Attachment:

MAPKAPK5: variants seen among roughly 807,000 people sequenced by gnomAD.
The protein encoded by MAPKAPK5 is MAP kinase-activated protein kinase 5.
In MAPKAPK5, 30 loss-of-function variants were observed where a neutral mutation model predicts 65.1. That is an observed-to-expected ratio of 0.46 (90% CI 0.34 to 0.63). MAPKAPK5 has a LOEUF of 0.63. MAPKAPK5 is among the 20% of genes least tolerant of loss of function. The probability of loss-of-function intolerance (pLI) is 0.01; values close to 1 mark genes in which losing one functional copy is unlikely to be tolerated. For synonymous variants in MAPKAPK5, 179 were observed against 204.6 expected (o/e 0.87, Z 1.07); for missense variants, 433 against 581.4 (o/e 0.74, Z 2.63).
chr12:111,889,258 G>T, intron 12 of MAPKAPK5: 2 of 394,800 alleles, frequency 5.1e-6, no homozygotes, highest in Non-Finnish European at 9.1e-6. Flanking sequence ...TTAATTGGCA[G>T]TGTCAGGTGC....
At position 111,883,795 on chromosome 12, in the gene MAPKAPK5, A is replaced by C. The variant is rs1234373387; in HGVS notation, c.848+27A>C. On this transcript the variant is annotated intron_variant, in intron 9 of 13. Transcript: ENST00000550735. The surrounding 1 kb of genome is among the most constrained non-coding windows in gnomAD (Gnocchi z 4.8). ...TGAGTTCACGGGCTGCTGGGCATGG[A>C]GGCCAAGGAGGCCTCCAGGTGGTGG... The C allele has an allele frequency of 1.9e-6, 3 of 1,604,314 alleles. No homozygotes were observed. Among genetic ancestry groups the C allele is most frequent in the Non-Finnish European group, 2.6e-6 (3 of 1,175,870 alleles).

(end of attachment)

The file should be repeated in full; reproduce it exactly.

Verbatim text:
MAPKAPK5: variants seen among roughly 807,000 people sequenced by gnomAD.
The protein encoded by MAPKAPK5 is MAP kinase-activated protein kinase 5.
In MAPKAPK5, 30 loss-of-function variants were observed where a neutral mutation model predicts 65.1. That is an observed-to-expected ratio of 0.46 (90% CI 0.34 to 0.63). MAPKAPK5 has a LOEUF of 0.63. MAPKAPK5 is among the 20% of genes least tolerant of loss of function. The probability of loss-of-function intolerance (pLI) is 0.01; values close to 1 mark genes in which losing one functional copy is unlikely to be tolerated. For synonymous variants in MAPKAPK5, 179 were observed against 204.6 expected (o/e 0.87, Z 1.07); for missense variants, 433 against 581.4 (o/e 0.74, Z 2.63).
chr12:111,889,258 G>T, intron 12 of MAPKAPK5: 2 of 394,800 alleles, frequency 5.1e-6, no homozygotes, highest in Non-Finnish European at 9.1e-6. Flanking sequence ...TTAATTGGCA[G>T]TGTCAGGTGC....
At position 111,883,795 on chromosome 12, in the gene MAPKAPK5, A is replaced by C. The variant is rs1234373387; in HGVS notation, c.848+27A>C. On this transcript the variant is annotated intron_variant, in intron 9 of 13. Transcript: ENST00000550735. The surrounding 1 kb of genome is among the most constrained non-coding windows in gnomAD (Gnocchi z 4.8). ...TGAGTTCACGGGCTGCTGGGCATGG[A>C]GGCCAAGGAGGCCTCCAGGTGGTGG... The C allele has an allele frequency of 1.9e-6, 3 of 1,604,314 alleles. No homozygotes were observed. Among genetic ancestry groups the C allele is most frequent in the Non-Finnish European group, 2.6e-6 (3 of 1,175,870 alleles).